People with only modest resources find themselves unable to afford to defend their legitimate rights against those supported by the bottomless purse of the legal aid fund. The balance is wrong, which is why "Striking the Balance" is the title of the White Paper. All litigants, whether they be legally aided or not, should have a financial stake in the proceedings—an assisted person must have a real interest in his case. The Government cannot allow themselves to be a party to any form of blackmail caused by the legal aid system.

Legal aid must go only to those whose means are such that they are deserving of help. We have established strict financial eligibility limits to ensure that help is targeted properly. Despite this, it would appear that there are still those who seek to get around these rules in an attempt to get legal aid where they should not. On this front, we have already taken positive action.

Hon. Members will be aware of the changes that the Lord Chancellor has announced to deal with apparently wealthy legal aid applicants. On 28 February 1996, he announced new regulations to strengthen the arrangements for means-testing apparently wealthy applicants for legal aid. The first will allow the assets of friends and relatives of the applicant to be included in the financial assessment. The second will introduce into legal aid assessment a limit of £100,000 on the equity allowable in the applicant's home, the amount of repayable mortgage that can be allowed, and the amount of mortgage that can be offset against equity.

The Lord Chancellor also announced that he had asked the Legal Aid Board to set up a special investigations unit as soon as possible. The unit will build on a prototype already in existence in the Legal Aid Assessment Office, and it will investigate the means of applicants whose financial circumstances are particularly complex. That will strike at the heart of the issues raised by my hon. Friend. Initially, the unit will deal only with applications for civil legal aid, but it will be extended as soon as possible to cover both civil and criminal legal aid. I am sure that my hon. Friend would welcome that.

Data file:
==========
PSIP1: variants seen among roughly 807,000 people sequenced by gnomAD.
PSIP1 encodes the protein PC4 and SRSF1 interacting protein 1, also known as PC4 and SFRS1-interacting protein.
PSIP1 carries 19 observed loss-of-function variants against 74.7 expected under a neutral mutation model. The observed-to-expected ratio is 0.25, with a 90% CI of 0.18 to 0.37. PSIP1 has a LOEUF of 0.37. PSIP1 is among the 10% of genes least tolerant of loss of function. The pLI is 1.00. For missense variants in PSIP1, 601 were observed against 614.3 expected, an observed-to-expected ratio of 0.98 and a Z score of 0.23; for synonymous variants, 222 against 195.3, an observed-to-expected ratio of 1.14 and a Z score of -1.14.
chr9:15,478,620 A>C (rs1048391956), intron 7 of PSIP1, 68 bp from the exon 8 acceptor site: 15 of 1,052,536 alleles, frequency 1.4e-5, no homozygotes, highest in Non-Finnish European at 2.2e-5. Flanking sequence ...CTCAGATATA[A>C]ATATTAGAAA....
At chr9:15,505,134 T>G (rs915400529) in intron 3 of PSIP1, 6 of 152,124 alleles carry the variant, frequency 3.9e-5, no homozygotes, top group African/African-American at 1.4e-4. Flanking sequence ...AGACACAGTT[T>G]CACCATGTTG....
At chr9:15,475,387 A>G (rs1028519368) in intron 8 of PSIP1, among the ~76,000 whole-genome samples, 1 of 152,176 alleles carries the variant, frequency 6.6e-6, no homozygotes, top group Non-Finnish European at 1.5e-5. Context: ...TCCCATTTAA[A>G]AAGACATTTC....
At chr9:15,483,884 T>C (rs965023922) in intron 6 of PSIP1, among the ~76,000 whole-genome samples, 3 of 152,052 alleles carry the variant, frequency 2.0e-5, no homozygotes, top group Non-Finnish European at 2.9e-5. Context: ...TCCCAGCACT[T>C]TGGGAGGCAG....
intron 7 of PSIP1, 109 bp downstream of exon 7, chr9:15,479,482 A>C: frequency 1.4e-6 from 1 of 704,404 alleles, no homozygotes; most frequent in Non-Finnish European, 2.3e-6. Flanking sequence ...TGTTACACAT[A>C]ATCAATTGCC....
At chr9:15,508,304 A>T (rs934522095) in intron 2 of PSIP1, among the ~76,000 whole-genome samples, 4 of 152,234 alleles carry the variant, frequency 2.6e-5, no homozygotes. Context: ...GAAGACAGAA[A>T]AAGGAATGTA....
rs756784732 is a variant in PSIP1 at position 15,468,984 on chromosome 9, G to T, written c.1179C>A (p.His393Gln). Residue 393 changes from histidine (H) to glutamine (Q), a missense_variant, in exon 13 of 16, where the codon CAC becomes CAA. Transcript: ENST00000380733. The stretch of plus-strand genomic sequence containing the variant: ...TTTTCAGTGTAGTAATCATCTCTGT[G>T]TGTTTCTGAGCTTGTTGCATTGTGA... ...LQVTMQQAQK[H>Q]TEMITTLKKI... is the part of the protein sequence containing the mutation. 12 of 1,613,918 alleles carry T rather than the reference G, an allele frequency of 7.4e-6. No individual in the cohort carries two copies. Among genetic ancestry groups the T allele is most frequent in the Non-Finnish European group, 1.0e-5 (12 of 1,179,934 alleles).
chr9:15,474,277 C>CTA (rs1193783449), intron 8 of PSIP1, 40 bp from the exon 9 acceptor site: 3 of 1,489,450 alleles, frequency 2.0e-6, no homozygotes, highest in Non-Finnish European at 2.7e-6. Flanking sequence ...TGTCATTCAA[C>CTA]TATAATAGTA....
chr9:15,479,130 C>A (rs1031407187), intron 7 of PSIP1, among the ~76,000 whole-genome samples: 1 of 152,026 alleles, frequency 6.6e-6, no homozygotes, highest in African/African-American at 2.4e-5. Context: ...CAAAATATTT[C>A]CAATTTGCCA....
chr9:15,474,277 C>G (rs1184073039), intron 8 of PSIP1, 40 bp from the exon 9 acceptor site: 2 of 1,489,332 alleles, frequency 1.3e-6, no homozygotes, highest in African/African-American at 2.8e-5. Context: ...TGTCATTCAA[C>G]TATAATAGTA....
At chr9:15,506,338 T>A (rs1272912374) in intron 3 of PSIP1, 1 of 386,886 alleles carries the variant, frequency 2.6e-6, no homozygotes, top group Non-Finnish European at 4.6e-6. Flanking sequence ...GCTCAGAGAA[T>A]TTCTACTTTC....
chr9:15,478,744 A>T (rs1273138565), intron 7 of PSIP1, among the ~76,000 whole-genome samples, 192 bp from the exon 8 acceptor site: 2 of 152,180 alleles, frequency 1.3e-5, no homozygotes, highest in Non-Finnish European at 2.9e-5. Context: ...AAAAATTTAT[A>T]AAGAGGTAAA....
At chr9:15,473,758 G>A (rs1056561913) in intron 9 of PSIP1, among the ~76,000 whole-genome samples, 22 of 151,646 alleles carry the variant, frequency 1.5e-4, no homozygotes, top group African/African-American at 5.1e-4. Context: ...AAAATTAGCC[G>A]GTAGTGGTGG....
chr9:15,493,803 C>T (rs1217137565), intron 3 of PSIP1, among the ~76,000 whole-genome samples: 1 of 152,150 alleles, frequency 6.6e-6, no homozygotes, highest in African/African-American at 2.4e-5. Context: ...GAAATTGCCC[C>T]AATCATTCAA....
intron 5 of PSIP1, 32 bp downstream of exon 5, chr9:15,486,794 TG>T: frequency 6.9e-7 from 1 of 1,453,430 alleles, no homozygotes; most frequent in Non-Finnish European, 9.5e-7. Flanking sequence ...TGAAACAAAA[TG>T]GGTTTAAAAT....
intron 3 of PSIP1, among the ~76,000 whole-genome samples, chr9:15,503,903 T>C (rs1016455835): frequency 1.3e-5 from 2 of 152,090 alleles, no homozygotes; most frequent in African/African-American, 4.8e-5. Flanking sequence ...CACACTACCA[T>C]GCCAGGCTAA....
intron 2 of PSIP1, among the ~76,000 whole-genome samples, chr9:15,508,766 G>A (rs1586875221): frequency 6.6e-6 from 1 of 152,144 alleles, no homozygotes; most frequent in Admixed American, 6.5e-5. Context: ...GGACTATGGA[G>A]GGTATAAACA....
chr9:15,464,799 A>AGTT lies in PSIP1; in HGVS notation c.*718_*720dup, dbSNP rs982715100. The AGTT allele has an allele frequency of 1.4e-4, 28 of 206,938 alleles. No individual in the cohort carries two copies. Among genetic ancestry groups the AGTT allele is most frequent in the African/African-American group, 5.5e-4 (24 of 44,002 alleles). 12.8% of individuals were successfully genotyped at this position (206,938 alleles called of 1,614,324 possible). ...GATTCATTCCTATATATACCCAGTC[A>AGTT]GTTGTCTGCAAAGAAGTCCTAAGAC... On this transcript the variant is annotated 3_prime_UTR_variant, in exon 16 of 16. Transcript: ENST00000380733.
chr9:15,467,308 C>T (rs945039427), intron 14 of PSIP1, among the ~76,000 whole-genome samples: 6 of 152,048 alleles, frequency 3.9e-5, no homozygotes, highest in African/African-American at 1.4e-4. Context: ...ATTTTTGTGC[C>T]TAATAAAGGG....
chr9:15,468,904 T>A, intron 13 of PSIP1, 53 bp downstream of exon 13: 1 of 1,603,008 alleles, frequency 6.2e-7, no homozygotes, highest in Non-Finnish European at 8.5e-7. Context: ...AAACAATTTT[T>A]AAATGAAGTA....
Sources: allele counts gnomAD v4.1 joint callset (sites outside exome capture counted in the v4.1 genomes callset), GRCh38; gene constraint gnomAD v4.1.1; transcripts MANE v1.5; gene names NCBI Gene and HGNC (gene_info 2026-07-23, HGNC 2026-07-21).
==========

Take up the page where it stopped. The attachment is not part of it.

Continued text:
We have already made these changes, and the White Paper that was launched today goes further. I believe that three main public perceptions must be addressed: first, the public see legal aid as wasteful in supporting too many weak and undeserving cases; secondly, the public see legal aid as over-priced, with taxpayers paying for what appear to be huge lawyers' fees; and, finally, the public see legal aid as unfair to the opponents of legally aided people, who too often feel that they have to give in on cases that they would have a good chance of winning.

We need a legal aid scheme that gets more of the right services to the right people. At present, we have a scheme which—despite efforts to control lawyers' pay and the tightening of the eligibility rules—is delivering less and less to fewer and fewer. Expenditure has doubled in the last few years, yet the percentage of households that qualify for help has fallen from about 70 per cent. in the early 1980s to about 50 per cent. now. In that light, reform is inescapable.